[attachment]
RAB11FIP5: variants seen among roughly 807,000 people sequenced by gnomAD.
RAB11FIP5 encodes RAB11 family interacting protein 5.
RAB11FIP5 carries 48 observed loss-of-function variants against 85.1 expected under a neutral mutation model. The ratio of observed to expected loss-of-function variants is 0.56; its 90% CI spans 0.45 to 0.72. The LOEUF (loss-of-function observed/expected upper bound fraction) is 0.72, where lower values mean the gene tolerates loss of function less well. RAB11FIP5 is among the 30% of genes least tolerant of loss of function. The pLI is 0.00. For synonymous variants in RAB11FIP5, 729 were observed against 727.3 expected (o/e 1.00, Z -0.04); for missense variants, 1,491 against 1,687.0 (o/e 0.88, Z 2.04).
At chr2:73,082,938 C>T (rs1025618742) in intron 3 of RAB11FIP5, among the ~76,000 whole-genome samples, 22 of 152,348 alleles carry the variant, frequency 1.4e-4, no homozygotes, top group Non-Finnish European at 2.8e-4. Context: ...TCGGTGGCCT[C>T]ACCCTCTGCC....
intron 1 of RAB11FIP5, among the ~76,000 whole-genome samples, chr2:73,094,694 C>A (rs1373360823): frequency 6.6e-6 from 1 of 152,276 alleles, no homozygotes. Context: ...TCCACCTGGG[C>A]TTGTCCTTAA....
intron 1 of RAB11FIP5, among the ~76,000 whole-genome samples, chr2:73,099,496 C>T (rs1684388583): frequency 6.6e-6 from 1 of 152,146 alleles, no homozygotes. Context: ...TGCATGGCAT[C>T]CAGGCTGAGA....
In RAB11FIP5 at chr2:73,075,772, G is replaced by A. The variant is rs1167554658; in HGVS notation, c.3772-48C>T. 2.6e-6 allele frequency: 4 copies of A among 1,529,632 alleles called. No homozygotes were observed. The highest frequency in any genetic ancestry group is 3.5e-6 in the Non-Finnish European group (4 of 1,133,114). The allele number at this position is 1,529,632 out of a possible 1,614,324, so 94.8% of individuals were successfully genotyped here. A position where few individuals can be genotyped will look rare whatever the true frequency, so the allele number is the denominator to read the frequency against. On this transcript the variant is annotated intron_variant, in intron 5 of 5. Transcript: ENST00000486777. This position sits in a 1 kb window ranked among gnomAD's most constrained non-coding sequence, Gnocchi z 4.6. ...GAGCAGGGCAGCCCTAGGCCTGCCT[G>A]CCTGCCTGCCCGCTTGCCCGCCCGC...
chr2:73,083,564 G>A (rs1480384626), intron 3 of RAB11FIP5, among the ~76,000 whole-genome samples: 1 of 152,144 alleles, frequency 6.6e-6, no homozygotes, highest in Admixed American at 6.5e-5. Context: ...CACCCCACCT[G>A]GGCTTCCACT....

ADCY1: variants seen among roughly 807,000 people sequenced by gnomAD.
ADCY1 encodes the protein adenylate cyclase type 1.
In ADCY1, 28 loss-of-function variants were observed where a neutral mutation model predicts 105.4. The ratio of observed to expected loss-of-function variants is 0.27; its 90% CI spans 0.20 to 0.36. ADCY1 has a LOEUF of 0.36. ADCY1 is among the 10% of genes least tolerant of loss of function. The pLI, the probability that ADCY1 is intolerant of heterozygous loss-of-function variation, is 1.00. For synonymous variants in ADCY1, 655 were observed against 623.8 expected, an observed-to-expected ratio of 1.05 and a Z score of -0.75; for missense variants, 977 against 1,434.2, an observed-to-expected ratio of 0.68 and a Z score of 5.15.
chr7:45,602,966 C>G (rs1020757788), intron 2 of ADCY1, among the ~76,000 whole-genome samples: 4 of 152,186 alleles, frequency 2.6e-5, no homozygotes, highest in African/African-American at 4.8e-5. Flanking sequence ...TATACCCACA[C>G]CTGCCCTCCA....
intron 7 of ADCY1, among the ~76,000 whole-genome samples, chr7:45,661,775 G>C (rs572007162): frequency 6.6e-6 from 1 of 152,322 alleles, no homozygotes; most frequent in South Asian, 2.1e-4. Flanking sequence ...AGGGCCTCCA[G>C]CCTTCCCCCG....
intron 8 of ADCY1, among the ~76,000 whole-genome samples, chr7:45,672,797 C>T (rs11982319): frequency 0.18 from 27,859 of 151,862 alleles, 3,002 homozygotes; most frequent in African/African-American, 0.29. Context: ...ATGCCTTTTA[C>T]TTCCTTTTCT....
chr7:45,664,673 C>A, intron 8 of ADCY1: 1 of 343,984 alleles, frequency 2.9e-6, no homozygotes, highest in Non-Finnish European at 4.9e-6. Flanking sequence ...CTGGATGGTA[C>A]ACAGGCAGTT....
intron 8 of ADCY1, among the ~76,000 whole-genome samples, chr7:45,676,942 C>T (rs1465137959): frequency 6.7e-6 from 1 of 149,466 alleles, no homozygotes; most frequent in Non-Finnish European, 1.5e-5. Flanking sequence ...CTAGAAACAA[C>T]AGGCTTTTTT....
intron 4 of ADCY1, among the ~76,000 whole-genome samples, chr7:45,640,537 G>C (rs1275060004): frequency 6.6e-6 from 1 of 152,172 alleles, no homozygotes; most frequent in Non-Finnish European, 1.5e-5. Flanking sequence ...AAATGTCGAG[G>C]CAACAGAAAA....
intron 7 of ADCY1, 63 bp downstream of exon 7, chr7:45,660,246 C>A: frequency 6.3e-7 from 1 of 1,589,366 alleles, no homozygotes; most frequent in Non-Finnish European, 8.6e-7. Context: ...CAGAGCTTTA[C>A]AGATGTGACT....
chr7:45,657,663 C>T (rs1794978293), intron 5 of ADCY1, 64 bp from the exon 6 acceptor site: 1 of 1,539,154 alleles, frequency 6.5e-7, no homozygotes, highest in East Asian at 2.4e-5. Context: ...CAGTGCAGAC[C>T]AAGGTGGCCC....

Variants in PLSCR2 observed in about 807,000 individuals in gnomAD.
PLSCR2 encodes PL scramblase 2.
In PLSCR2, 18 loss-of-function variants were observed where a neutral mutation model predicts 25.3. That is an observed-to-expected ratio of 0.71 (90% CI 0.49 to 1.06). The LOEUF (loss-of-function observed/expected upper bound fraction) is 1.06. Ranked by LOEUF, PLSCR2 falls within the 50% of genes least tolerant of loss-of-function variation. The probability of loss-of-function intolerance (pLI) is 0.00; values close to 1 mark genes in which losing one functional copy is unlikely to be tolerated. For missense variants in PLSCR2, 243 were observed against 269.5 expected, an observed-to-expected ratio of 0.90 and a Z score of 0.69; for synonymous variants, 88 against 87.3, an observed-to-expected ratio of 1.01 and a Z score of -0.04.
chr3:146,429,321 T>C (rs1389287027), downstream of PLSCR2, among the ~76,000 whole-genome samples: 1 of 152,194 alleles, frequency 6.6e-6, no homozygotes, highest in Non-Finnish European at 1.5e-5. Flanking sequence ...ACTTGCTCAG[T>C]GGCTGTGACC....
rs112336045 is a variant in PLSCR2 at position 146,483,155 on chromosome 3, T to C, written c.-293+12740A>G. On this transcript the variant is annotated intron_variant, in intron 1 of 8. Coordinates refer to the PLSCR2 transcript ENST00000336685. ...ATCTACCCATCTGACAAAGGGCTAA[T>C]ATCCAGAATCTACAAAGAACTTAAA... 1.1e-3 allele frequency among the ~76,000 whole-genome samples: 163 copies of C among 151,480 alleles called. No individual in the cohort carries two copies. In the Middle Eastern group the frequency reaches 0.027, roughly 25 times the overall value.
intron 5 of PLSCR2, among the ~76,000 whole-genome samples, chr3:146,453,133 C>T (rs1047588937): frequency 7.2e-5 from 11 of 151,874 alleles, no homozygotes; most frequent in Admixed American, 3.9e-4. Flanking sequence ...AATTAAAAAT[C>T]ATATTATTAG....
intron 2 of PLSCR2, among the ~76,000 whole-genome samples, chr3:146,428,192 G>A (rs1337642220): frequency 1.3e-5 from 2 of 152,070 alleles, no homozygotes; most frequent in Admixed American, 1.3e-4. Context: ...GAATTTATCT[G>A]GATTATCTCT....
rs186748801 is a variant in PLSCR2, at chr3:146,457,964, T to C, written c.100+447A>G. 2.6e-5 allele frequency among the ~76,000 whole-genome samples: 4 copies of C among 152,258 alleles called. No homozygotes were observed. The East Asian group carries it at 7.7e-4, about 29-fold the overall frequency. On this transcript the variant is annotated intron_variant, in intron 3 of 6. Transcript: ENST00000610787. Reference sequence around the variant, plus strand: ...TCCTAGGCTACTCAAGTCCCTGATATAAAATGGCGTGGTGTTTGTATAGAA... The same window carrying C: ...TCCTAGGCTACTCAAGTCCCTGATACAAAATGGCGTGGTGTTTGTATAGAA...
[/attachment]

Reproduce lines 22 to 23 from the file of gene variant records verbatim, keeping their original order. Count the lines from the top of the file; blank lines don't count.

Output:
In PLSCR2, 18 loss-of-function variants were observed where a neutral mutation model predicts 25.3. That is an observed-to-expected ratio of 0.71 (90% CI 0.49 to 1.06). The LOEUF (loss-of-function observed/expected upper bound fraction) is 1.06. Ranked by LOEUF, PLSCR2 falls within the 50% of genes least tolerant of loss-of-function variation. The probability of loss-of-function intolerance (pLI) is 0.00; values close to 1 mark genes in which losing one functional copy is unlikely to be tolerated. For missense variants in PLSCR2, 243 were observed against 269.5 expected, an observed-to-expected ratio of 0.90 and a Z score of 0.69; for synonymous variants, 88 against 87.3, an observed-to-expected ratio of 1.01 and a Z score of -0.04.
chr3:146,429,321 T>C (rs1389287027), downstream of PLSCR2, among the ~76,000 whole-genome samples: 1 of 152,194 alleles, frequency 6.6e-6, no homozygotes, highest in Non-Finnish European at 1.5e-5. Flanking sequence ...ACTTGCTCAG[T>C]GGCTGTGACC....